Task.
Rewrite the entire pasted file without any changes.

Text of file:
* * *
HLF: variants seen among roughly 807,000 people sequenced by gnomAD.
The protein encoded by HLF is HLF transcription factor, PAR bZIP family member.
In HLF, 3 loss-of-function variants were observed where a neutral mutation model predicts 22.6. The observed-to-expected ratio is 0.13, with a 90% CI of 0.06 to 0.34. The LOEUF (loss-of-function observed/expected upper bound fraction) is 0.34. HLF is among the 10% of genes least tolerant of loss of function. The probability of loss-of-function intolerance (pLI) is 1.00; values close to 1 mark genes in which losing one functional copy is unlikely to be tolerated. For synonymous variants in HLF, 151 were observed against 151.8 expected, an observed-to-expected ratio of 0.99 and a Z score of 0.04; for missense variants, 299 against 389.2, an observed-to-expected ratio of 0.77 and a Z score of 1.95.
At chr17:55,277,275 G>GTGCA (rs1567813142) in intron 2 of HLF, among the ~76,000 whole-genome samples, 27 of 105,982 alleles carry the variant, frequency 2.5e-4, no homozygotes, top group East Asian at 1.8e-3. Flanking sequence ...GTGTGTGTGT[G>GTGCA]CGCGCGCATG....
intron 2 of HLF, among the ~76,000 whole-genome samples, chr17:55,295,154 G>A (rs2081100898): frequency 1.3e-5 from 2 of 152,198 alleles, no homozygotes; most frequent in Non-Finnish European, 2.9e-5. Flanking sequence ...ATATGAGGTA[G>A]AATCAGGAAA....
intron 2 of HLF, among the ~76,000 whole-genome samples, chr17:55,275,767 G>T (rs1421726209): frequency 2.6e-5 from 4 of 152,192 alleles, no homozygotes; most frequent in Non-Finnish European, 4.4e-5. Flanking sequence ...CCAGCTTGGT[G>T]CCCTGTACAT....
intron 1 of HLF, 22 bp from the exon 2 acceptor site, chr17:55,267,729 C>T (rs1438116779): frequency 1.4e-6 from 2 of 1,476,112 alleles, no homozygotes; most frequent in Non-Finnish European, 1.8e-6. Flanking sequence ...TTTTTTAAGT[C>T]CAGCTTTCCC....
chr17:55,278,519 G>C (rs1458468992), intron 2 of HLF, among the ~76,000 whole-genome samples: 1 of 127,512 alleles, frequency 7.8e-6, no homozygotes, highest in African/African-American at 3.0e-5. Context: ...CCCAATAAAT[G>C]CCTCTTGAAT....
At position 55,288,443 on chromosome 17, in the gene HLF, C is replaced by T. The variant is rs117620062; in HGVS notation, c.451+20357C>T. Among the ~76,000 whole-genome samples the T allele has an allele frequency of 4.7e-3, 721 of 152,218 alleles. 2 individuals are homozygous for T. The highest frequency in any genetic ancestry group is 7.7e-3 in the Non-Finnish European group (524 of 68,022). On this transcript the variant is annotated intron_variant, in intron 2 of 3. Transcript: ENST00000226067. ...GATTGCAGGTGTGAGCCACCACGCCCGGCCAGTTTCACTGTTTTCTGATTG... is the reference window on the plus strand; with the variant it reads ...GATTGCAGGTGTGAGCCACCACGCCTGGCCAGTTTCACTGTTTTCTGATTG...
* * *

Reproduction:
HLF: variants seen among roughly 807,000 people sequenced by gnomAD.
The protein encoded by HLF is HLF transcription factor, PAR bZIP family member.
In HLF, 3 loss-of-function variants were observed where a neutral mutation model predicts 22.6. The observed-to-expected ratio is 0.13, with a 90% CI of 0.06 to 0.34. The LOEUF (loss-of-function observed/expected upper bound fraction) is 0.34. HLF is among the 10% of genes least tolerant of loss of function. The probability of loss-of-function intolerance (pLI) is 1.00; values close to 1 mark genes in which losing one functional copy is unlikely to be tolerated. For synonymous variants in HLF, 151 were observed against 151.8 expected, an observed-to-expected ratio of 0.99 and a Z score of 0.04; for missense variants, 299 against 389.2, an observed-to-expected ratio of 0.77 and a Z score of 1.95.
At chr17:55,277,275 G>GTGCA (rs1567813142) in intron 2 of HLF, among the ~76,000 whole-genome samples, 27 of 105,982 alleles carry the variant, frequency 2.5e-4, no homozygotes, top group East Asian at 1.8e-3. Flanking sequence ...GTGTGTGTGT[G>GTGCA]CGCGCGCATG....
intron 2 of HLF, among the ~76,000 whole-genome samples, chr17:55,295,154 G>A (rs2081100898): frequency 1.3e-5 from 2 of 152,198 alleles, no homozygotes; most frequent in Non-Finnish European, 2.9e-5. Flanking sequence ...ATATGAGGTA[G>A]AATCAGGAAA....
intron 2 of HLF, among the ~76,000 whole-genome samples, chr17:55,275,767 G>T (rs1421726209): frequency 2.6e-5 from 4 of 152,192 alleles, no homozygotes; most frequent in Non-Finnish European, 4.4e-5. Flanking sequence ...CCAGCTTGGT[G>T]CCCTGTACAT....
intron 1 of HLF, 22 bp from the exon 2 acceptor site, chr17:55,267,729 C>T (rs1438116779): frequency 1.4e-6 from 2 of 1,476,112 alleles, no homozygotes; most frequent in Non-Finnish European, 1.8e-6. Flanking sequence ...TTTTTTAAGT[C>T]CAGCTTTCCC....
chr17:55,278,519 G>C (rs1458468992), intron 2 of HLF, among the ~76,000 whole-genome samples: 1 of 127,512 alleles, frequency 7.8e-6, no homozygotes, highest in African/African-American at 3.0e-5. Context: ...CCCAATAAAT[G>C]CCTCTTGAAT....
At position 55,288,443 on chromosome 17, in the gene HLF, C is replaced by T. The variant is rs117620062; in HGVS notation, c.451+20357C>T. Among the ~76,000 whole-genome samples the T allele has an allele frequency of 4.7e-3, 721 of 152,218 alleles. 2 individuals are homozygous for T. The highest frequency in any genetic ancestry group is 7.7e-3 in the Non-Finnish European group (524 of 68,022). On this transcript the variant is annotated intron_variant, in intron 2 of 3. Transcript: ENST00000226067. ...GATTGCAGGTGTGAGCCACCACGCCCGGCCAGTTTCACTGTTTTCTGATTG... is the reference window on the plus strand; with the variant it reads ...GATTGCAGGTGTGAGCCACCACGCCTGGCCAGTTTCACTGTTTTCTGATTG...